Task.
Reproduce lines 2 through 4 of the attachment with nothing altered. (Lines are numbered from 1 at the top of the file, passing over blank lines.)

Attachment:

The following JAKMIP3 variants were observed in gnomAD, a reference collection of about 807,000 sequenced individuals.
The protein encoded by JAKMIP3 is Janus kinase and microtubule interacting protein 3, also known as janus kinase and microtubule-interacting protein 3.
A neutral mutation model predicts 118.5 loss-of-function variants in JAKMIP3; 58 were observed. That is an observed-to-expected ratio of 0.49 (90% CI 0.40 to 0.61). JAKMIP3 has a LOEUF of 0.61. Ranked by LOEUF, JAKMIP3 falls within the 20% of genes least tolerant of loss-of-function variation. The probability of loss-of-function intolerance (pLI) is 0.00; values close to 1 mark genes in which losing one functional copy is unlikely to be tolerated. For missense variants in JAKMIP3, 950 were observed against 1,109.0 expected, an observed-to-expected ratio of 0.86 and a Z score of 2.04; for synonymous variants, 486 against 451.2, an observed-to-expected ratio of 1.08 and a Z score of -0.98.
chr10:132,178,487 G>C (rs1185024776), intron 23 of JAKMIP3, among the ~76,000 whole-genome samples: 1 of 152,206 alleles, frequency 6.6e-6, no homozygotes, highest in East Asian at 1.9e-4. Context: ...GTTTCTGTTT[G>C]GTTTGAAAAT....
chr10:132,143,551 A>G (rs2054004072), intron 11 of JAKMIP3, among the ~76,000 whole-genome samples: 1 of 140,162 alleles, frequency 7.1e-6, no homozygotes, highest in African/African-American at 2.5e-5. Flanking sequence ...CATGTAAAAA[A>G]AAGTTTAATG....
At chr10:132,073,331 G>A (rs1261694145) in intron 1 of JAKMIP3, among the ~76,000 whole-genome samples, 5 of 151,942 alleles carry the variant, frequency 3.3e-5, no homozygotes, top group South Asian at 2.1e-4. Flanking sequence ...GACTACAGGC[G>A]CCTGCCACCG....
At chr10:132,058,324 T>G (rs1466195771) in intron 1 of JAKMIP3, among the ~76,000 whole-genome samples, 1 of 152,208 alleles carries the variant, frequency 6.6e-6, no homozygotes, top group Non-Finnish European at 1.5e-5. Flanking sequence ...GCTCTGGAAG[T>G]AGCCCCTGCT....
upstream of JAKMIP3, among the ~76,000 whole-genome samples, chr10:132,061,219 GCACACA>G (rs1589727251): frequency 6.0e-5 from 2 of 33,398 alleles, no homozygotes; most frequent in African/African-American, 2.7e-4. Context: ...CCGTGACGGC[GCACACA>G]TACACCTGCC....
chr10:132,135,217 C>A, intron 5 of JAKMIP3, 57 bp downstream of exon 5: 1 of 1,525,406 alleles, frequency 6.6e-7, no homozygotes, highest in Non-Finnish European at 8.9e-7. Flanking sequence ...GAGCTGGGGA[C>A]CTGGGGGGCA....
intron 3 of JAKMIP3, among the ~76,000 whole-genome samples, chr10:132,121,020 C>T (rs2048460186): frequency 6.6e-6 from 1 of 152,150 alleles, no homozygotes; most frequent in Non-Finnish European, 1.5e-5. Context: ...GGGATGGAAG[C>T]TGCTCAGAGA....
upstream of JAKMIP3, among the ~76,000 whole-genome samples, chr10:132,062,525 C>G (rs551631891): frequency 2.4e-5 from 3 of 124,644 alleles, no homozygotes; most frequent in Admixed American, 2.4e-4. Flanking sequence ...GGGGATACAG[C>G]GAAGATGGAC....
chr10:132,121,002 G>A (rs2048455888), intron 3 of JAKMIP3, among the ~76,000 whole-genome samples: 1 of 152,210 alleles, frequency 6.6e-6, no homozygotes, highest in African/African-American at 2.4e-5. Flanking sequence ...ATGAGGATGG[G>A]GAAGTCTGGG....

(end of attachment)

The protein encoded by JAKMIP3 is Janus kinase and microtubule interacting protein 3, also known as janus kinase and microtubule-interacting protein 3.
A neutral mutation model predicts 118.5 loss-of-function variants in JAKMIP3; 58 were observed. That is an observed-to-expected ratio of 0.49 (90% CI 0.40 to 0.61). JAKMIP3 has a LOEUF of 0.61. Ranked by LOEUF, JAKMIP3 falls within the 20% of genes least tolerant of loss-of-function variation. The probability of loss-of-function intolerance (pLI) is 0.00; values close to 1 mark genes in which losing one functional copy is unlikely to be tolerated. For missense variants in JAKMIP3, 950 were observed against 1,109.0 expected, an observed-to-expected ratio of 0.86 and a Z score of 2.04; for synonymous variants, 486 against 451.2, an observed-to-expected ratio of 1.08 and a Z score of -0.98.
chr10:132,178,487 G>C (rs1185024776), intron 23 of JAKMIP3, among the ~76,000 whole-genome samples: 1 of 152,206 alleles, frequency 6.6e-6, no homozygotes, highest in East Asian at 1.9e-4. Context: ...GTTTCTGTTT[G>C]GTTTGAAAAT....